The Place:

Approached on foot, there is a handy short-cut to the World Jewish Relief warehouse in Neasden, writes Stephen Oryszczuk. It is a narrow alleyway running alongside Denzil Road. So unnoticeable, so barely perceptible is this alleyway that it could be London’s most camouflaged path. SAS trackers would have a job finding it.

Like the short-cut, the warehouse also operates undercover, since it is sign-posted Asiatic Carpets. The ground floor is standard warehouse fare – trucks, crates, pallets and cardboard. But trundling up the slightly psychedelic lift (which features a moving brick wall that JFS students once filmed for a project) is a bit like tumbling down the rabbit hole. You land in the warehouse equivalent of Wonderland.

Ladybird books, computers monitors, Mitzvah Day hats, bed linen, birthday candles, flip-flops, wedding canopies, false nails, footballs – there are mountains of ‘stuff’ sent in by everyone from multi-nationals to Mr and Mrs Goldstein. It’s mesmeric. Big safety signs telling you to take your mobile phone with you to the toilet (a five-minute walk through empty rooms and abandoned offices) seem entirely in-tune with the location.

The Team:

WJR’s Gift in Kind warehouse is managed day-to-day by the wizened foreman Eric. His usual assistant is at home when I visit, resting a broken foot. “It’s really inconvenient, because this is the busy period,” tuts Eric during a cigarette break. I ask what the busy period is. “All year round,” replies Eric.

If Eric’s the spit, Roz (pictured below right) is the sparkle. Her fancy designer glasses add a touch of glamour to proceedings. “It’s my bit of bling,” she says, warming her hands over an electric fire. Roz looks after stock, while her partner-in-crime Jo covers logistics. And as I set about taking photos, Roz prepares for the arrival of WJR volunteers.

They’re coming in for half a day to help out with the Gift in Kind project, the principal recipients of which are poverty-stricken people from Belarus, Ukraine and Moldova.

The Day:

Aged between 16 and 82 years old, the volunteers stumble in and huddle together around the heater, dressed in orange safety jackets. It looks like a Guantanamo convention. Eric sets them to work on the ‘factory lines’ (two long tables) whereupon they begin unpacking, sorting, checking, filtering, storing, boxing and labelling.

Faye, an octogenarian regular fresh from winning a Diamond Jubilee award from Prince Charles, bounces into the office. I grill her on her richly deserved achievement, but she’s genuinely humble about it, saying: “I think Charles and Camilla just wanted to show the Queen that life doesn’t stop at our age.”

Once everyone’s set to work, Roz gives me the tour. The first section (Goods In) is stacked with rows of suits donated by a renowned Italian designer, which we inspect.To the side of the rails are two female volunteers arranging knitted blankets and kvetching about their husbands. On the wall, beside the darts board, is an enormous blanket-o-meter, the needle of which hovers around 3,700 – the number so far sent to the needy of Eastern Europe. It registers a truly impressive effort by the knitters of the community.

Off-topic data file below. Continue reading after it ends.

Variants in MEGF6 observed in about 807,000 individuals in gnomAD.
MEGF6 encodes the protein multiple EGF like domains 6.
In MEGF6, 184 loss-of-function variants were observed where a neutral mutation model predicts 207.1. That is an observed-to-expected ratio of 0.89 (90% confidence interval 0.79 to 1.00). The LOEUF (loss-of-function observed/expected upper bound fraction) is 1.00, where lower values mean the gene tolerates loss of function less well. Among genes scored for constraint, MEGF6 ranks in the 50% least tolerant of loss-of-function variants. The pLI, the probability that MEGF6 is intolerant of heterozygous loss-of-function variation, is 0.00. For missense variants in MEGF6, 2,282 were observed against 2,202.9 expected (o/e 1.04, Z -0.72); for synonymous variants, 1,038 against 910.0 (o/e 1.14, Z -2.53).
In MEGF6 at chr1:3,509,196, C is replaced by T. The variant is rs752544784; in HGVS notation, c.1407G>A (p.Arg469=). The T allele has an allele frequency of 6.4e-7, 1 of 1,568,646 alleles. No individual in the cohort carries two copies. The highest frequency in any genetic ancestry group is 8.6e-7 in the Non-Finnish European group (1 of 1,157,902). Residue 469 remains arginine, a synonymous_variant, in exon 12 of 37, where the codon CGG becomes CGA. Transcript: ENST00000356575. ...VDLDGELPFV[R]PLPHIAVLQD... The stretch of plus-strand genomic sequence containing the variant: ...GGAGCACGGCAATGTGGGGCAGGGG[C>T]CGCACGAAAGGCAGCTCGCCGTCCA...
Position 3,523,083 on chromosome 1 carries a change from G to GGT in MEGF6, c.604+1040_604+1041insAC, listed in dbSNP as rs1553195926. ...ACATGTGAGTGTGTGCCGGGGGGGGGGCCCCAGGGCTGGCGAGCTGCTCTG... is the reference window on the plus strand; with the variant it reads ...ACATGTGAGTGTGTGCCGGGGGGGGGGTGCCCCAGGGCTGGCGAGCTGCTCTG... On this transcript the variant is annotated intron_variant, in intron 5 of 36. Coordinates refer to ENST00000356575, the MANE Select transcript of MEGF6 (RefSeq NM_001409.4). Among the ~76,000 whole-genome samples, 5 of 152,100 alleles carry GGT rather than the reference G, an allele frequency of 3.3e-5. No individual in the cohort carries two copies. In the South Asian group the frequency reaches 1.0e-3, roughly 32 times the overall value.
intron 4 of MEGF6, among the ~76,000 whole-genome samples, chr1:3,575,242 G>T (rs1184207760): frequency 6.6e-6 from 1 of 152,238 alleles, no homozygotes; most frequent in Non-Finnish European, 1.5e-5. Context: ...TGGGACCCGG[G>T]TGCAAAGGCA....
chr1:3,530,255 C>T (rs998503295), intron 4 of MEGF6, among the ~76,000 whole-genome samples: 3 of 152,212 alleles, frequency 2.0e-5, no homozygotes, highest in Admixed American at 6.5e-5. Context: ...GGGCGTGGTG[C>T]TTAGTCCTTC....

I’m led into the main sorting area. Those doing the unfurling seem to be in animated discussion with those doing the folding, as one elderly gentleman asks aloud: “Where do I put babies’ wetsuits?”

A huge emphasis on quality means numerous checks before clothing gets ‘bagged and boxed.’ Any torn or tired garments are sold for textile recycling. Money raised from this is used to buy staples not covered by donations, such as personal hygiene products. I see a number of the items thrown into the recycling pile. They look perfectly fine to me, but I’m assured they’re not. Perhaps mine’s an ‘untrained eye’…

Whilst most donations are winter clothes, which seems to be what the Gift in Kind team really needs, I also spot a Vanilla and Ginger Soap Dispenser, an autobiography of Daniella Westbrook and an Ultimate Golf-pack Cooler. I have absolutely no idea what an Ultimate Golf-pack Cooler is, nor how much use it may be in Belarus.

“That’s nothing,” says Roz. “We got false teeth once, and naughty bedroom items, but I’m not telling you what they were because you’ll put it in your article!”

At the tea-break we gather around to eat Suzanne’s homemade coffee and walnut cake. Josh from Head Office speaks about his recent visit to Moldova.

He’s enthused – evangelical almost – and uses the word ‘powerful’ a lot, especially in describing the impact of the trip. He seems intelligent and genuine, and stresses the need for volunteers to send only those items they would be happy giving to their own family. “Sometimes, all they have is pride,” he says. “They already have to accept free clothes, so let’s make them only the best we can give.” It is – dare I say it – a powerful message.

Back to work. A small contingent of student volunteers from a local synagogue gathers to watch a video showing how WJR also maintains dilapidated buildings, supplies fuel throughout harsh winters, runs an educational programme and encourages community liaison.

In fact, it’s is a bit like that alleyway: barely noticed, yet ever-so handy.